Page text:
The real events of World War II can rarely be recorded so many years after they happened. Sixty-five years after the global conflict, even the witnesses—the rare survivors in Europe and the rest of the world—are unable to remember what happened. After the iconic diaries of Anne Frank and other real autobiographies and letters of Jewish life in hiding, things are now in movement. Today, the vast body of war memoirs are not firsthand information, but are exciting, psychological quasi-thrillers in dramatic novels and films. The logic of the real events of the war is deconstructed and destabilized to become reframed and popularized into historical tales without extrinsic evidences of genuineness. Today, fiction can be morally hazardous to the preservation of the real events in World War II.
The danger can turn from unreasonable to reasonable stories, or vice versa. This is particularly crucial for real stories written by adults for the education of children. Children's literature has the therapeutic value of an absolutely realistic genre to awaken the naive children to the impact of harsh reality, and finally to comfort them in their troubles. In A Faraway Island, the educational goal for children from eleven years of age predominates, with the included map of occupied and free countries of Europe under the Greater German Reich. But without describing the horrors of the war itself, the book describes the misery of Jewish children exiled from their parents to live in countries unoccupied by the Germans. The tale of the diaspora turns into a modern fairy tale, reacting to, in Bruno Bettelheim's words in The Uses of Enchantment (1976), the "universal symbols that permit the child to choose, select, neglect, and interpret the tale in ways congruent with his state of intellectual and psychological development," so that the tale "intimates how the child may transcend it, and what may be involved in reaching the next stage on his progress toward mature integration." For example, Grimms's Hansel and Grethel narrates the fate of a brother and sister, semi-abandoned by their poor parents. The narrow escape from the grave danger of the cannibalistic witch is recreated in the "real" tale of A Faraway Island. On the instigation of their parents, the Jewish sisters Nellie (seven) and Stephie (twelve) fly from Vienna in 1939 to escape the Nazis. Far from home, the girls receive a welcome on a rugged island off the western coast of free Sweden.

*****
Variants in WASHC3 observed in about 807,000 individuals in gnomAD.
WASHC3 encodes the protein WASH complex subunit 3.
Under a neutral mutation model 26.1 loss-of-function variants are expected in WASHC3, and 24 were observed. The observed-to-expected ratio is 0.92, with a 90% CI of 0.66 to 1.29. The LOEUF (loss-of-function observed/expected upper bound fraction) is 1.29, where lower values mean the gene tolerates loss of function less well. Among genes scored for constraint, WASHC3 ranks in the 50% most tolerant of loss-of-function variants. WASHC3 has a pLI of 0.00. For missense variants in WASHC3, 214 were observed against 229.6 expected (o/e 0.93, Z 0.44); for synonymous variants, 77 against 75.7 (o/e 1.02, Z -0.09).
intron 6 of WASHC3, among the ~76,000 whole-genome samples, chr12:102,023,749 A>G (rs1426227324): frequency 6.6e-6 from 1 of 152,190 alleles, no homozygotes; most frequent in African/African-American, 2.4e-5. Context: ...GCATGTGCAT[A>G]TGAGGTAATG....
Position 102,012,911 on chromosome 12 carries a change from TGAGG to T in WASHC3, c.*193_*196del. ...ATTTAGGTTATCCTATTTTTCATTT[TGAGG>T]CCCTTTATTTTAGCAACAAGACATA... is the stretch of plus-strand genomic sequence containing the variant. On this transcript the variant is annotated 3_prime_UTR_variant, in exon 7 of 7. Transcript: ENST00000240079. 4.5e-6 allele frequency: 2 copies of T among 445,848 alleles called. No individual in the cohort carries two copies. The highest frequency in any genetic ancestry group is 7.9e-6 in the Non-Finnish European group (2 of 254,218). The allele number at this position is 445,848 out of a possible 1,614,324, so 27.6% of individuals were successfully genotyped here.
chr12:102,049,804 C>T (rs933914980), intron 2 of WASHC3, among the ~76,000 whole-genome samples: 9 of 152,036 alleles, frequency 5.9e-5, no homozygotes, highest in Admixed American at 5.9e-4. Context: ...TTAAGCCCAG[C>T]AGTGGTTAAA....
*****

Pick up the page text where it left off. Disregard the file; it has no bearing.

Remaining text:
For young readers, the moment-by-moment stories are compatible with the historical "truth." However, the English cover page is at sharp variance with the image on the original Swedish edition. In En ö i havet, the portraits of Nellie and Stephie grasp the rail of the ship, taking them with tears in their eyes to the "faraway island." In the English version, their faces have cleared up, and, dressed in Scandinavian costume, they seem to be happily smiling at the future. The "truth" is ambiguous in a critical way: it need not always mean the taking of the jacket picture for young readers to be true. Instead of the factual history of the Austro-German Anschluss (1938) or the discussion of psychoanalytic cases of exiled children, A Faraway Island translates aggression and hope transpiring in Nellie and Stephie's "adventures," reflecting their truth and image. The reminiscences of the past in conversations and letters with their parents in Vienna, together with events, hearsay, rumor, gossip, and personal experiences represent their life in their Swedish host families and their efforts to learn a new language and culture. They are "normal" Viennese city girls, but pictured as "strange" children. In Nazi Austria, they were politically unwanted, but on the Swedish fishermen's island, their cultural and social attitude is different. Officially welcome in the host families, they are by others dehumanized as unwelcome Jewish or "gypsy kids," inviting them to yodel as a sign of Alpine patriotism. Such ethnic abuses are echoed by Stephie, calling herself a "not-like-you-not-like...